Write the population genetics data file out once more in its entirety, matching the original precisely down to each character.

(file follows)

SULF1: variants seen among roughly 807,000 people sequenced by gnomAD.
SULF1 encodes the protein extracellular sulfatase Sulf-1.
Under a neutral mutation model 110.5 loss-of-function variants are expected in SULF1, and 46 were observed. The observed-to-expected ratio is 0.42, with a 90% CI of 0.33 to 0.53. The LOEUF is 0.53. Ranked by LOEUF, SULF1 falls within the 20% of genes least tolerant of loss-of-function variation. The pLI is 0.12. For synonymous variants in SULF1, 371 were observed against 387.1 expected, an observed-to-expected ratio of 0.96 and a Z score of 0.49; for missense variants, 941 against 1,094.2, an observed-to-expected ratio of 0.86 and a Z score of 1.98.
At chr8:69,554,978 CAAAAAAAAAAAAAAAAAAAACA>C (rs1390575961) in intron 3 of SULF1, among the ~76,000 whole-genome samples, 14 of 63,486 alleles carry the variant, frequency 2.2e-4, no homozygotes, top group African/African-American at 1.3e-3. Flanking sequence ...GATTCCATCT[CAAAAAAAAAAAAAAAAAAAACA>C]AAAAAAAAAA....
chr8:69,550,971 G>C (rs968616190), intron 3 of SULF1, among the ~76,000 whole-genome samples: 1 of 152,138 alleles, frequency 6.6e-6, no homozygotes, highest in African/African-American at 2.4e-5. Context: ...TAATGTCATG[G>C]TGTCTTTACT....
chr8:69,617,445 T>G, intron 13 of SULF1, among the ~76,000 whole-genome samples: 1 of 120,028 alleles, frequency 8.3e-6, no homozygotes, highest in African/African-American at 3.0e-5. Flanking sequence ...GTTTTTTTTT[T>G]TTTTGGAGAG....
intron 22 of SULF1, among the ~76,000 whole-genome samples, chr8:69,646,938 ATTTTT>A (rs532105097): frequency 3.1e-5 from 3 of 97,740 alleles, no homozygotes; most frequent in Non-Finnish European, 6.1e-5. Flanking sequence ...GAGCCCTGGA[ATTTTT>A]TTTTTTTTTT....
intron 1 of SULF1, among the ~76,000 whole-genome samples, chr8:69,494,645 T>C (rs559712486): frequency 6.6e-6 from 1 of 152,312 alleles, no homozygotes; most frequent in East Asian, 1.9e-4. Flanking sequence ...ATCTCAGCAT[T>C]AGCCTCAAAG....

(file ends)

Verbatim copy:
SULF1: variants seen among roughly 807,000 people sequenced by gnomAD.
SULF1 encodes the protein extracellular sulfatase Sulf-1.
Under a neutral mutation model 110.5 loss-of-function variants are expected in SULF1, and 46 were observed. The observed-to-expected ratio is 0.42, with a 90% CI of 0.33 to 0.53. The LOEUF is 0.53. Ranked by LOEUF, SULF1 falls within the 20% of genes least tolerant of loss-of-function variation. The pLI is 0.12. For synonymous variants in SULF1, 371 were observed against 387.1 expected, an observed-to-expected ratio of 0.96 and a Z score of 0.49; for missense variants, 941 against 1,094.2, an observed-to-expected ratio of 0.86 and a Z score of 1.98.
At chr8:69,554,978 CAAAAAAAAAAAAAAAAAAAACA>C (rs1390575961) in intron 3 of SULF1, among the ~76,000 whole-genome samples, 14 of 63,486 alleles carry the variant, frequency 2.2e-4, no homozygotes, top group African/African-American at 1.3e-3. Flanking sequence ...GATTCCATCT[CAAAAAAAAAAAAAAAAAAAACA>C]AAAAAAAAAA....
chr8:69,550,971 G>C (rs968616190), intron 3 of SULF1, among the ~76,000 whole-genome samples: 1 of 152,138 alleles, frequency 6.6e-6, no homozygotes, highest in African/African-American at 2.4e-5. Context: ...TAATGTCATG[G>C]TGTCTTTACT....
chr8:69,617,445 T>G, intron 13 of SULF1, among the ~76,000 whole-genome samples: 1 of 120,028 alleles, frequency 8.3e-6, no homozygotes, highest in African/African-American at 3.0e-5. Flanking sequence ...GTTTTTTTTT[T>G]TTTTGGAGAG....
intron 22 of SULF1, among the ~76,000 whole-genome samples, chr8:69,646,938 ATTTTT>A (rs532105097): frequency 3.1e-5 from 3 of 97,740 alleles, no homozygotes; most frequent in Non-Finnish European, 6.1e-5. Flanking sequence ...GAGCCCTGGA[ATTTTT>A]TTTTTTTTTT....
intron 1 of SULF1, among the ~76,000 whole-genome samples, chr8:69,494,645 T>C (rs559712486): frequency 6.6e-6 from 1 of 152,312 alleles, no homozygotes; most frequent in East Asian, 1.9e-4. Flanking sequence ...ATCTCAGCAT[T>C]AGCCTCAAAG....